Suffragette Cities: New Mexico Women Wear White On Election Day
White. Never to a wedding unless you are the bride. Generally, don’t wear white with a black bra. Please, not to a picnic; unless you want to look like an impressionist painting by the end of the day, then go right ahead.
While menstruating?! Are you serious? And never, NEVER wear white after Labor Day. EVER. Women know all the sacred rules for wearing white, and many follow them to the letter.
New Mexico has a strong history of women engaged in the struggle to gain the vote, going back to the time when New Mexico was a territory.
One-hundred and forty-four years since the Victoria Woodhull for President of the United States, (with Frederick Douglas as her running mate) the nation is poised to elect a woman to its highest office.
In New Mexico, women are underrepresented in every aspect of public and political life. In 2015, 59.9% of New Mexico women were registered to vote, down from 62.4% in 2004. New Mexico women are not gaining strength in the political arena. Now more than ever it is important for women to vote in tomorrow’s presidential election. Wear white on Election Day, to commemorate the brave actions of the Suffragettes, who were jailed, force fed, beaten, humiliated and ostracized for fighting for the right to vote.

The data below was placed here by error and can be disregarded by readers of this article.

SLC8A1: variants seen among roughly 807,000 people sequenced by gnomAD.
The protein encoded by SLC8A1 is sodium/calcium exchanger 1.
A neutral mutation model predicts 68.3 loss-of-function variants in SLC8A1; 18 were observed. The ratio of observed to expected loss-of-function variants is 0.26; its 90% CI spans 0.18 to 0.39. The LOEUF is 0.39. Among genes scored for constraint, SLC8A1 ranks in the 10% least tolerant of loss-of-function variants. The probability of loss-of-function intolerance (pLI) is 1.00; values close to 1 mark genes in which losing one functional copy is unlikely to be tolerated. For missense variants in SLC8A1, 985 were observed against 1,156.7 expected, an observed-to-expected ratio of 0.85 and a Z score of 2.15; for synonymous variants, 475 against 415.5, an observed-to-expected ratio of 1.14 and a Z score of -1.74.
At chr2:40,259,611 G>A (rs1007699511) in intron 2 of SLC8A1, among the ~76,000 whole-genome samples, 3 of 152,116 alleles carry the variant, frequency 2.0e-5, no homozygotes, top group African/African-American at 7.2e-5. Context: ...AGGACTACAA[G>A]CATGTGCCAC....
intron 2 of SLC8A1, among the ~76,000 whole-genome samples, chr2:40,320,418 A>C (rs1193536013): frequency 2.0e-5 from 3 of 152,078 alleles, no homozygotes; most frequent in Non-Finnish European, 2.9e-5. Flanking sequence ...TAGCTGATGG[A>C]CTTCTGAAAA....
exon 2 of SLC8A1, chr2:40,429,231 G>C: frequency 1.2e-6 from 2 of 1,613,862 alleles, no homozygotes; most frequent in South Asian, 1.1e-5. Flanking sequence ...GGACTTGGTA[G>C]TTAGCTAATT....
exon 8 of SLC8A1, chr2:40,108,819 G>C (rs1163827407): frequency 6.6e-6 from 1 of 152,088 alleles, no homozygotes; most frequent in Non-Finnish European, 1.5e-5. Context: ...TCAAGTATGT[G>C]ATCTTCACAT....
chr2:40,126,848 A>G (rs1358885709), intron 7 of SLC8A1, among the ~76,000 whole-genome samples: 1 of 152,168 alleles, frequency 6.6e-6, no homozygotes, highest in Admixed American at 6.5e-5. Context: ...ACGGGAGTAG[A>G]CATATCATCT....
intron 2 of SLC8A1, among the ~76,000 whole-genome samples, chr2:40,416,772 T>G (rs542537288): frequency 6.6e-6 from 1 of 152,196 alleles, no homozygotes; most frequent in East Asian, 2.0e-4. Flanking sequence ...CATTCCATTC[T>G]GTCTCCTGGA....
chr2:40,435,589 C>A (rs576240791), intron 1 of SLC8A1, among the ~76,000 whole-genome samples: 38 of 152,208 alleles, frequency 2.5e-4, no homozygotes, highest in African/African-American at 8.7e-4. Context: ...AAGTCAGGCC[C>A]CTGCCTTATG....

They wore white, to strike a visual blow to the cultural landscape and as a sign of the eventual victory to come. It would take decades before women of color could vote with their white female counterparts, yet they rallied to turn the tide in their favor as well.
No matter who you bubble in for your presidential choice on Tuesday, November 8, there’s a good reason to defy fashion norms to dress in white after Labor Day. Show your support for all of the women who fought for the right we need only show up to exercise.
Voting on Election Day? The polls are open from 7AM until 7PM. Click here to find your polling place.
It’s not too late to educate yourself on the candidates and the issues that are important to you, in the progressive movement. Curious about the women running for the House and Senate across the nation? We are too. Here’s a summary of the candidates.
Now, get out there and VOTE, or volunteer!